Proctotydaeus

 

HARMFUL | NOT HARMFUL | UNCERTAIN

beneficial; feeds on fungi in bee nests

Name and classification

Proctotydaeus Berlese, 1911

Taxonomy
Superorder Acariformes » Order Trombidiformes » Suborder Prostigmata » Infraorder Eupodina » Family Tydeidae » Genus Proctotydaeus

Type species
Proctotydaeus viator Berlese, 1911

Diagnosis

Adult: Prodorsal bothridial setae present (Figs. 1, 4). Chelicerae contiguous (Fig.1). Movable digit of chelicerae stylet-like (Figs. 2, 3). Palps with 3 free segments (Figs. 2, 3). Palptarsus unmodified, not thumblike Figs. 2, 3). Palptarsus lacking markedly elongated setae Figs. 2, 3). Palptibia without clawlike setae (Figs. 2, 3). Ovipore transverse (Fig. 2). Naso absent (Fig. 1). No claws on tarsus I (Figs. 2, 3). No net-like ornamentation on legs and prodorsum (Fig. 1). No trichobothria on tibia IV (Fig. 1).

Distribution

The subgenus Neotydeolus (the only subgenus of Proctotydaeus containing bee-associated mites) is distributed in the Neotropical region.

Bee hosts

The mite subgenus Neotydeolus occurs on stingless bees (Meliponini), genera Melipona, Partamona, and Scaptotrigona.

Host association level

Permanent

associated exclusively with bees or their close relative, wasps; cannot live without these hosts

Temporary

some life stages are associated with bees, while others are not

Facultative or opportunistic

can complete entire life cycle without bees or their close relative, wasps

permanent (subgenus Neotydeolus)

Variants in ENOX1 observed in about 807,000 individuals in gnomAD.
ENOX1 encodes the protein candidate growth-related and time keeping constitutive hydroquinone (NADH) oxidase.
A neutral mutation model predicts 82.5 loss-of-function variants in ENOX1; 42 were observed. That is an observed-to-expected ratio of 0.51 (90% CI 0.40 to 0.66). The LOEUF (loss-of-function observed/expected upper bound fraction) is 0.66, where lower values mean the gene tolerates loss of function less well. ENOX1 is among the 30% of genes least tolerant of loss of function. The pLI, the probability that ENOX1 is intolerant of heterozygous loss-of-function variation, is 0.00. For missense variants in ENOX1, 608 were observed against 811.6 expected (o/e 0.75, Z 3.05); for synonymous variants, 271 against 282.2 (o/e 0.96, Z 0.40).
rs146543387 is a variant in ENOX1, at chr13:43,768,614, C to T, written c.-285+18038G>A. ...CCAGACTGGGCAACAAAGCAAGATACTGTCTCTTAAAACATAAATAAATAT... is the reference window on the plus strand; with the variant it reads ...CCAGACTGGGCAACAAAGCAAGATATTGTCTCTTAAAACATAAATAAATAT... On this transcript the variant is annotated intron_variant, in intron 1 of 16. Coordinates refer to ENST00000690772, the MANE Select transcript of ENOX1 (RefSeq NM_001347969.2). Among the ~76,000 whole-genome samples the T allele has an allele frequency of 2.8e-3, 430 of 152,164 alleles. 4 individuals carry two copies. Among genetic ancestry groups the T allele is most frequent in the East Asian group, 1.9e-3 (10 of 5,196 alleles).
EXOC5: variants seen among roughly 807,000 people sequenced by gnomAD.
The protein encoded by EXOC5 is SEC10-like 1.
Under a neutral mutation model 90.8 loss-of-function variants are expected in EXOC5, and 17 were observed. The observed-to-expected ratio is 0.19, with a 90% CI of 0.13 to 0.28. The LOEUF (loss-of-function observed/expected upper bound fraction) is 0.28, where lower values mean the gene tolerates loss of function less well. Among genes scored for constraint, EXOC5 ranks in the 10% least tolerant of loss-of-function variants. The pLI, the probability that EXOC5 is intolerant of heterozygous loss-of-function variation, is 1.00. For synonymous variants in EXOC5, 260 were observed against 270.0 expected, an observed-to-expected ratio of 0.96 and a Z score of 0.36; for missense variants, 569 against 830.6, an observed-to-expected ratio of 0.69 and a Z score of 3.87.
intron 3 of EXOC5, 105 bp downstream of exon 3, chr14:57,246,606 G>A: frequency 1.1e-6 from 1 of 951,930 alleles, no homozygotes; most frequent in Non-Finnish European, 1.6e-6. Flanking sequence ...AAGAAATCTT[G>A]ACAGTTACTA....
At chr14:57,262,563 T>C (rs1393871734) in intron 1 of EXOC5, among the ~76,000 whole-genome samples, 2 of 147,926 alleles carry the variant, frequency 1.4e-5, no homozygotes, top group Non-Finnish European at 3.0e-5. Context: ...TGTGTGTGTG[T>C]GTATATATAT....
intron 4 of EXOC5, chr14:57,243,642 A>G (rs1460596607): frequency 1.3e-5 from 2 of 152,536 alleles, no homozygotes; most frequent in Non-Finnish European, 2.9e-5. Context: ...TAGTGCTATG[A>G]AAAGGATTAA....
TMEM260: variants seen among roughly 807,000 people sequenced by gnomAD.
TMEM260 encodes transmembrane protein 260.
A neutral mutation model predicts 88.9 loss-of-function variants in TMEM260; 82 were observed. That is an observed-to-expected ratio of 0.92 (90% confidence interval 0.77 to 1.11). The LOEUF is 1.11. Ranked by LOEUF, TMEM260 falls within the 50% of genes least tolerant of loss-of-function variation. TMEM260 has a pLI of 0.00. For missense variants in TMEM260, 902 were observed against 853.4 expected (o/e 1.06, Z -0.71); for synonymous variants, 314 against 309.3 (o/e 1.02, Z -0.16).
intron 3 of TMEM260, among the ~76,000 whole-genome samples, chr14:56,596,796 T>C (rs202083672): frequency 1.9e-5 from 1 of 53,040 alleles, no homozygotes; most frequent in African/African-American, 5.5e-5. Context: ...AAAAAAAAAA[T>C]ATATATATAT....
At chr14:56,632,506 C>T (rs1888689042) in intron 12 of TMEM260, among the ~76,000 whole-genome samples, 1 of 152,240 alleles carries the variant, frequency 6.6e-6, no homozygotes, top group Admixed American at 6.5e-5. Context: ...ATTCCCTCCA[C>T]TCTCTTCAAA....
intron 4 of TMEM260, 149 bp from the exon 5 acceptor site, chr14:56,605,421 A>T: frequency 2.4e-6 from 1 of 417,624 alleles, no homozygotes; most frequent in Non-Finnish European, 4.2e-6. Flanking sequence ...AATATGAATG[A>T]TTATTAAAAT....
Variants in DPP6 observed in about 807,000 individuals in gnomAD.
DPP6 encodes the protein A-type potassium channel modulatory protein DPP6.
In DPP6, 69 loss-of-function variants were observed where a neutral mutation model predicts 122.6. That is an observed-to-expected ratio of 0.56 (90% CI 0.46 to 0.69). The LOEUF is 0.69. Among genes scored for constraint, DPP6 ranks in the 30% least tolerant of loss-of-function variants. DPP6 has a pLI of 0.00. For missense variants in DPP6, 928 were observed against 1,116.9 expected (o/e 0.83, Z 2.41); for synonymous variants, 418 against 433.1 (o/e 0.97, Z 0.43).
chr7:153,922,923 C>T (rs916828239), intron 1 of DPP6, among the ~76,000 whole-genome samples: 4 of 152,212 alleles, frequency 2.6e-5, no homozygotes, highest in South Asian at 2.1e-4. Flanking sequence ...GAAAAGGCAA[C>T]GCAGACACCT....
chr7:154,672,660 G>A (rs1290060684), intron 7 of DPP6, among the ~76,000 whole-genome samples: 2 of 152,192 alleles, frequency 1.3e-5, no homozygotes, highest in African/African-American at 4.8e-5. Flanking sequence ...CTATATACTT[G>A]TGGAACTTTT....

Host associations, feeding, and dispersal

Subgenus Neotydeolus

  • All stages live in nests of stingless bees, feeding primarily on fungi.
  • Mite females may disperse on adult bees; this is not documented, but known for other mites of this genus.

Biology

This genus includes 17 species grouped in four subgenera (see below). Of them, only members of the subgenus Neotydeolus (with 3 species) have been found on bees. All three species of Neotydeolus are specific to stingless bee nests, where they feed on fungi. The presence of Proctotydaeus (Neotydeolus) therapeutikos in nests of Scaptotrigona postica decreases the loss of the bee brood from 50% to 3% in the nest (Flechtmann and Camargo, 1979).

There are three other subgenera (listed with number of species in parentheses): Proctotydaeus (4); Proctotydulus (6); and Oriolella (4). Species of the nominal subgenus Proctotydaeus are associated with locusts (Acrididae, Orthoptera). The subgenus Oriolella includes species that have been found in barn straw, nests of hawks and owls, or on beetles (Coleoptera: Ipidae and Cucujidae). Mites of the subgenus Proctotydulus have been found on different plants, straw, bark beetles (Curculionidae: Scolytinae), or on noctuid moths (Lepidoptera: Noctuidae) (Ka┼║mierski, 1998; Khaustov, 1997).